Wednesday, September 02, 2009

On The Duggars Phenomenon

The Duggar family are expecting child number nineteen, at the same time as the eldest son in the family is preparing for his first-of-the-series. The Duggar children all have first names beginning with the letter "J", but the son is going to break with tradition and use the letter "M" for his series!

I know all this because the Duggars -- and their fertility choices -- are on the television. You can follow their lives that way. Indeed, the television pays for their fertility choices which is something those who wish to emulate them might not realize.

How does the audience view the Duggars, in any case? As a freak show? As curiosities which nevertheless deserve our respect for being so very thorough about that increase-and-fill-the-earth bidness? As a teaching program for other mothers who have failed by not multiplying enough? As something similar to the Big Love series, a way to familiarize us with various anti-woman arrangements in this world and to make us see them as normal and cute and quite AOK? I wonder.

The Duggars appear to be part of the Quiverfull movement, which advocates this:

Don't you see that children are God's best gift?
the fruit of the womb his generous legacy?
Like a warrior's fistful of arrows
are the children of a vigorous youth.
Oh, how blessed are you parents,
with your quivers full of children!
Your enemies don't stand a chance against you;
you'll sweep them right off your doorstep.

I chose the version which replaces "men" with "parents", to make it all as fair as possible. The Quiverfull also advocate male dominance in the families and argue that it's God who owns women's uteri, not the women themselves, and to assume otherwise is a sin. Hence their anger at feminists and such. Only God can determine when a woman becomes pregnant. Of course the lack of parthenogenesis is ignored in that view or the power it gives to man-the-head-priest in deciding when his wife should bear again.

Kathryn Joyce has written extensively on this movement. Here's a snippet from her work:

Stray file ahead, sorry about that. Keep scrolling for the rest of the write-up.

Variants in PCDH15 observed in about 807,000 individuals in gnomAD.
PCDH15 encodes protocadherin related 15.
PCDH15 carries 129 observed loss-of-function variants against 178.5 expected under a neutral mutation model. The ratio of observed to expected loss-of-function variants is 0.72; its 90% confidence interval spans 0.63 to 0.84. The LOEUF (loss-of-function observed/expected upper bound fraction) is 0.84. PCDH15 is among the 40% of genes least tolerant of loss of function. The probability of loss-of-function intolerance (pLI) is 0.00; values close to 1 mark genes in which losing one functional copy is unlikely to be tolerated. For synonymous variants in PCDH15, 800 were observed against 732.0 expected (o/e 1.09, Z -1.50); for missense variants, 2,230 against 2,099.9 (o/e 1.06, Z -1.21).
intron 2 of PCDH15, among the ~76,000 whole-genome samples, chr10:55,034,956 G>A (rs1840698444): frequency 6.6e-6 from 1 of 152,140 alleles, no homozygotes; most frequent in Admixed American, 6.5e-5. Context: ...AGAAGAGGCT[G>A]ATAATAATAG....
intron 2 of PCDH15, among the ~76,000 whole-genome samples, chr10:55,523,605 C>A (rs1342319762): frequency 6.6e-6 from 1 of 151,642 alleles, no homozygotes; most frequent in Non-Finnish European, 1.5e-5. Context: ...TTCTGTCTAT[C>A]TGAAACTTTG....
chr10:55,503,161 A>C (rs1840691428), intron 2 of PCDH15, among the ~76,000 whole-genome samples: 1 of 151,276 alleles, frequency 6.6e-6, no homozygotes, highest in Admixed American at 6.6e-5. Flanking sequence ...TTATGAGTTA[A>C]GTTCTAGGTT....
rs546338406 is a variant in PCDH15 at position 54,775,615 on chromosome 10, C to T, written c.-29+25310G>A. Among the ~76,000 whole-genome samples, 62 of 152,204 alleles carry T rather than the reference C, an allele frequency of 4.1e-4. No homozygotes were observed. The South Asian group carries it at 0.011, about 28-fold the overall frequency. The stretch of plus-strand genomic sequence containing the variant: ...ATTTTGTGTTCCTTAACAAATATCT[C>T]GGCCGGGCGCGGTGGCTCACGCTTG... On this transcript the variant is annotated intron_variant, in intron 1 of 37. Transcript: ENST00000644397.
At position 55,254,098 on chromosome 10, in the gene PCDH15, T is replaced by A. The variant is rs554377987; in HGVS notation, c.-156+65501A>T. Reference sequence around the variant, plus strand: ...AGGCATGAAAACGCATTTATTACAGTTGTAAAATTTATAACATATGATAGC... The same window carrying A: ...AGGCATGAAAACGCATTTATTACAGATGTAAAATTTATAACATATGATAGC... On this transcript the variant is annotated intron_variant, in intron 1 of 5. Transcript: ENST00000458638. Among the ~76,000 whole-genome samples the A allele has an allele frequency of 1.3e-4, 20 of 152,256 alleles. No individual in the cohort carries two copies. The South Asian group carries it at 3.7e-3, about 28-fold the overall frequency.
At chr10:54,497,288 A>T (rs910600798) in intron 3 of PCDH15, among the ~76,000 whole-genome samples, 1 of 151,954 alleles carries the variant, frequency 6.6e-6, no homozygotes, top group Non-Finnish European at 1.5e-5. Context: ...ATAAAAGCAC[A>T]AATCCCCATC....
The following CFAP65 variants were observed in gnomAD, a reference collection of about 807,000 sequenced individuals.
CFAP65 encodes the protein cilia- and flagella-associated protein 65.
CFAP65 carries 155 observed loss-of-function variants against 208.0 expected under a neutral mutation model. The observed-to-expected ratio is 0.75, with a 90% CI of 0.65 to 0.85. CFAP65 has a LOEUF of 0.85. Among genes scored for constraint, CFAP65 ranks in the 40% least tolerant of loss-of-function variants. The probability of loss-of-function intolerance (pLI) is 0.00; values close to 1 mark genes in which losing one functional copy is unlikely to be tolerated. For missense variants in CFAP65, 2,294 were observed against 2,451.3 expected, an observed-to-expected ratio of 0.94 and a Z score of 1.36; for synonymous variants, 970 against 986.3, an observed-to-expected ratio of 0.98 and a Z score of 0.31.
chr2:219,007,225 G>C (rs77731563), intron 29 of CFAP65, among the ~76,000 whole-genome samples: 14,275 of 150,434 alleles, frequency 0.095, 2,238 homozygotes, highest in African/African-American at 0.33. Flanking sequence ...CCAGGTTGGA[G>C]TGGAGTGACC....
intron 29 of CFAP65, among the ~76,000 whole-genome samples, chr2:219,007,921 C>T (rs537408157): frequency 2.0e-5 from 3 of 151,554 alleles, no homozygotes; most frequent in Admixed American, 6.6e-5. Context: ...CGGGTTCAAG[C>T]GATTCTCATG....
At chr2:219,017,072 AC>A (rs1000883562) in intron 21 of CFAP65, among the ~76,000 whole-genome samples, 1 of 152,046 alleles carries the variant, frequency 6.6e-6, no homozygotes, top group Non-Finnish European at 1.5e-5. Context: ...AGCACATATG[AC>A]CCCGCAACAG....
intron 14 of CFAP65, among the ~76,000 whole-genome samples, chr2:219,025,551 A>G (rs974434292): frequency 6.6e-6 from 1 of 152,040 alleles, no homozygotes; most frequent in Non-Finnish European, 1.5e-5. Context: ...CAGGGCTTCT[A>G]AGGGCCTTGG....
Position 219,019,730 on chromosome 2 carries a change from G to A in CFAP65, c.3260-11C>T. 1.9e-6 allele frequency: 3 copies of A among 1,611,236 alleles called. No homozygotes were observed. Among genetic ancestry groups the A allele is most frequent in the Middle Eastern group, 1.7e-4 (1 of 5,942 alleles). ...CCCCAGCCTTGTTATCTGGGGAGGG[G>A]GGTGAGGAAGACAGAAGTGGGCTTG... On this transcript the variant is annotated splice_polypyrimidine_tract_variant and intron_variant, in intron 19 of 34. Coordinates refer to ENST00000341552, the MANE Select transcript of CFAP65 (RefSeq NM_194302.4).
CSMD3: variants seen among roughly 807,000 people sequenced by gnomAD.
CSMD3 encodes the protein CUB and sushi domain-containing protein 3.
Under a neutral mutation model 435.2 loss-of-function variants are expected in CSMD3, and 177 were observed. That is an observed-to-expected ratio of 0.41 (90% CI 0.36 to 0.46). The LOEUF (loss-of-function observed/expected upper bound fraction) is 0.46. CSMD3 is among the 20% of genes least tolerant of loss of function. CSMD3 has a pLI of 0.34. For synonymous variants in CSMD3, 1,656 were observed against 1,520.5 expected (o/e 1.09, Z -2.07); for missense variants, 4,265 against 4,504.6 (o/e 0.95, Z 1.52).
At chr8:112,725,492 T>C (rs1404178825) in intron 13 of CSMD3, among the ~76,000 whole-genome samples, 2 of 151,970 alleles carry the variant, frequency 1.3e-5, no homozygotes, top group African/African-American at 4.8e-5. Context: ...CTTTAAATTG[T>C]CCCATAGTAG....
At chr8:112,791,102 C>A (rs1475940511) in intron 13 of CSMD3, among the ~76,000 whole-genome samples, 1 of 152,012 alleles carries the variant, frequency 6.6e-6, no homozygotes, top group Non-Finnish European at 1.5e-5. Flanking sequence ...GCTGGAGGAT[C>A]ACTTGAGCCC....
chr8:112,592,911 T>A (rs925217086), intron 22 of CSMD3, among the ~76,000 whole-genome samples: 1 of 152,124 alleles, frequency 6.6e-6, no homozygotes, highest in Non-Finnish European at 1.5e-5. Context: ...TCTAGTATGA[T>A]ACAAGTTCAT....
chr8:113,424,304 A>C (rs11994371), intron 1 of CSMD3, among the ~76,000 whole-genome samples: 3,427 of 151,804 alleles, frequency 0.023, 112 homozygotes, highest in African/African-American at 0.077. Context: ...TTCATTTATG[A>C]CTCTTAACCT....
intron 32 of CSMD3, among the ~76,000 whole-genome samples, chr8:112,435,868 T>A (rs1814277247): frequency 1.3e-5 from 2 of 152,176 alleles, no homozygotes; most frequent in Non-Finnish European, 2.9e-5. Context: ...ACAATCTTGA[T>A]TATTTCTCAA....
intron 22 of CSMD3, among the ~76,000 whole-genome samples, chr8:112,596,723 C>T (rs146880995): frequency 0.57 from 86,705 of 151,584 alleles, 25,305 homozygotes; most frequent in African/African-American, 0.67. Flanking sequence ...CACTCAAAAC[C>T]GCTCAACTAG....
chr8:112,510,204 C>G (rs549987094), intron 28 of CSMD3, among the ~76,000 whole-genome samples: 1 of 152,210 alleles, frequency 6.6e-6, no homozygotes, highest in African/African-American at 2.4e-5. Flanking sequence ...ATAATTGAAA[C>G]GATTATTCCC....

Quiverfull parents try to have upwards of six children. They home-school their families, attend fundamentalist churches and follow biblical guidelines of male headship--"Father knows best"--and female submissiveness. They refuse any attempt to regulate pregnancy. Quiverfull began with the publication of Rick and Jan Hess's 1989 book, A Full Quiver: Family Planning and the Lordship of Christ, which argues that God, as the "Great Physician" and sole "Birth Controller," opens and closes the womb on a case-by-case basis. Women's attempts to control their own bodies--the Lord's temple--are a seizure of divine power.

Though there are no exact figures for the size of the movement, the number of families that identify as Quiverfull is likely in the thousands to low tens of thousands. Its word-of-mouth growth can be traced back to conservative Protestant critiques of contraception--adherents consider all birth control, even natural family planning (the rhythm method), to be the province of prostitutes--and the growing belief among evangelicals that the decision of mainstream Protestant churches in the 1950s to approve contraception for married couples led directly to the sexual revolution and then Roe v. Wade.

"Our bodies are meant to be a living sacrifice," write the Hesses. Or, as Mary Pride, in another of the movement's founding texts, The Way Home: Beyond Feminism, Back to Reality, puts it, "My body is not my own." This rebuttal of the feminist health text Our Bodies, Ourselves is deliberate. Quiverfull women are more than mothers. They're domestic warriors in the battle against what they see as forty years of destruction wrought by women's liberation: contraception, women's careers, abortion, divorce, homosexuality and child abuse, in that order.

I found one woman's essay about her journey into the Quiverfull quite upsetting:

God used a ladies' Christian email list to bring me to the conviction that God should be in control of our wombs.


The excuses that I gave for not wanting more children were all selfish and unBiblical:

1. " I can't handle the ones I have...I'm so tired! " - I truly needed to cast my cares upon the Lord. I was so wrapped up in "poor me" that many times it caused me to take my eyes off of Him.

2. "We can't afford more children...."- God supplies for our needs. If I am truly trusting him and acknowledging that all we have comes from Him, then I should be confident that He will supply what is needed for each additional child that He places into our hands.

All this segues into the wider question of what female reproductive rights mean when the woman has completely relinquished them to some divine power for whom her husband performs as the avatar.